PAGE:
Preparing for the Patient-Driven Groupings Model (PDGM) and other regulatory hurdles has largely taken center stage in the home health care world. But when it comes to at-home care operations outside of the Medicare environment, workforce challenges remain top of mind for many executives.
That group includes the leaders of Right at Home, Interim HealthCare and FirstLight Home Care, three of the biggest home care franchise companies in the nation.
Overall, the caregiver turnover rate has gotten progressively worse over the last few years, jumping to a staggering 82% in 2018. Last year’s all-time high is a 15% increase compared to 2017, according to Home Care Pulse.
While the CEOs of Right at Home, Interim and FirstLight mostly agree on the significance of the workforce challenges home care faces, they’re each approaching solutions differently.
For Sunrise, Florida-based Interim, winning the workforce battle has partly meant creating a comprehensive “customer service” program for its employees. Broadly, the program revolves around getting feedback on the total caregiver experience and also includes a mentorship initiative.
To make sure new workers don’t feel isolated on the job, Interim additionally uses 30-, 60- and 90-day touchpoints, a strategy often carried out by employers in other sectors, including in the technology industry.
“This is where someone on the Interim leadership team is assigned to every new employee, and they get a touchpoint at 30, 60 and 90 days into their tenure,” Jennifer Sheets, president and CEO at Caring Brands International and Interim HealthCare, said Wednesday during a panel discussion at the 2019 HHCN Summit in Chicago. “Just so they know we’re there — and this [approach] has been really successful.”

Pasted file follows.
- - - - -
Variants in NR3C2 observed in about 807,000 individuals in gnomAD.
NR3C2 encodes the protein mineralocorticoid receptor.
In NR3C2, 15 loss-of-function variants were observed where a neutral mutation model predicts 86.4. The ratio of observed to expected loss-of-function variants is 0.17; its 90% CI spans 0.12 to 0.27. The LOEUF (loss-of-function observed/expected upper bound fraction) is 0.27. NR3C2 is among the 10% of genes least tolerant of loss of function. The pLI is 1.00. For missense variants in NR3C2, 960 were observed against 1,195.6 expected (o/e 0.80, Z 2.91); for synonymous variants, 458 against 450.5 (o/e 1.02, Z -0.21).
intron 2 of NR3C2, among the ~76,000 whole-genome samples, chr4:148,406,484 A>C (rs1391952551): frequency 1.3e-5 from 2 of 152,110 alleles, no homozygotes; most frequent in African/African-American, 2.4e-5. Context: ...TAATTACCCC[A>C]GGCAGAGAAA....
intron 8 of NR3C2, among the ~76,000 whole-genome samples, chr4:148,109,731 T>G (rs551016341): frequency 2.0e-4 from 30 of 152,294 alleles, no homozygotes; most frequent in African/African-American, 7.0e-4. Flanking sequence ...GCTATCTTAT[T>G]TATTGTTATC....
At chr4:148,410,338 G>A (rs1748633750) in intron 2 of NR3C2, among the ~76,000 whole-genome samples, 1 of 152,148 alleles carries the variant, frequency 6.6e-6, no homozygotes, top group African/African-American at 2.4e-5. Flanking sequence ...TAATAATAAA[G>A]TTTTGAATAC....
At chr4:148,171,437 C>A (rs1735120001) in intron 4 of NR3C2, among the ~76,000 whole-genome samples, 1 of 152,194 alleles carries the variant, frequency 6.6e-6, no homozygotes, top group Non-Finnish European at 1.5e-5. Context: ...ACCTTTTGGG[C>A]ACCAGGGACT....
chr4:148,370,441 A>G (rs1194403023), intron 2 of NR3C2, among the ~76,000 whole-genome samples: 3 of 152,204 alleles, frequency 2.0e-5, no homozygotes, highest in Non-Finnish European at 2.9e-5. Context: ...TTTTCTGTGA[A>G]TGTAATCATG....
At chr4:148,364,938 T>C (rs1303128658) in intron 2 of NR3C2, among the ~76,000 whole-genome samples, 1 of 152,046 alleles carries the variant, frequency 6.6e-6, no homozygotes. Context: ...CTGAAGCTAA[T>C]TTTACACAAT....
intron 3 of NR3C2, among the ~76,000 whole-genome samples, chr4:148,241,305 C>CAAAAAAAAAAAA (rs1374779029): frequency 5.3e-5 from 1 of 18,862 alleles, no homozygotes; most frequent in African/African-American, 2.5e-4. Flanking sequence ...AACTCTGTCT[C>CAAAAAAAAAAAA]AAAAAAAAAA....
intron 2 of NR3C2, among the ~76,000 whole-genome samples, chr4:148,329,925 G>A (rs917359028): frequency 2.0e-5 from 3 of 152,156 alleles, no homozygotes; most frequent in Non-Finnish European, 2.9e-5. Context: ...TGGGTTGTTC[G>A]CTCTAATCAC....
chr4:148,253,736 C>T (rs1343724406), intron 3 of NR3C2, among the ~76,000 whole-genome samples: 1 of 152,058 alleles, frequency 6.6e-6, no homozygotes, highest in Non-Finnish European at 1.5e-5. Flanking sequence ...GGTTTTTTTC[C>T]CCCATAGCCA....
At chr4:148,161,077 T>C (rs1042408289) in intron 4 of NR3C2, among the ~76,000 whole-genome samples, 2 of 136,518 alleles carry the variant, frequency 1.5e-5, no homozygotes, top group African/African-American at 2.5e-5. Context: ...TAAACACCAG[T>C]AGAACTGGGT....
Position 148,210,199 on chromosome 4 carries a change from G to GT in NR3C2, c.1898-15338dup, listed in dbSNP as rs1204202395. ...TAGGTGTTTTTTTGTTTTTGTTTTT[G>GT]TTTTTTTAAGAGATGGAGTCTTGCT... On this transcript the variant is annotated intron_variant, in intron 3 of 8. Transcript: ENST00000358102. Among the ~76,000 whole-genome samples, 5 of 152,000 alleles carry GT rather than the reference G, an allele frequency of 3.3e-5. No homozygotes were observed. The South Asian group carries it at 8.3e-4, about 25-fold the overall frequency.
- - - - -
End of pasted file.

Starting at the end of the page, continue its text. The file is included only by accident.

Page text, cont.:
Caring Brands International is the parent company of Interim, founded in 1966. Currently, Interim’s team of caregivers provides almost 25 million hours of home health, hospice and palliative care services to 190,000 people annually.
Another workforce solution Interim has implemented: an eight-tier internal certification program for its caregivers, according to Sheets, a former nurse who took over as CEO in January.
“Caregivers and clinicians have a career development path,” she said. “What we get in return for that is a higher quality caregiver, but also some strengths that help keep them attached to our organization.”
In general, career development and training go hand-in-hand with employee engagement. Companies that have higher employee engagement — involvement, enthusiasm and commitment — tend to have better retention rates, according to Gallup.
Another approach Interim is taking to combat workforce challenges is its implementation of “stay interviews” to complement the exit interviews the company already utilizes.
“We routinely pull a random selection of employees and we do a stay interview, [which asks], ‘Why are you here what makes you stay and what would make you leave,’” Sheets said. “That’s been very interesting because are you catching them at a time when they are not trying to leave.”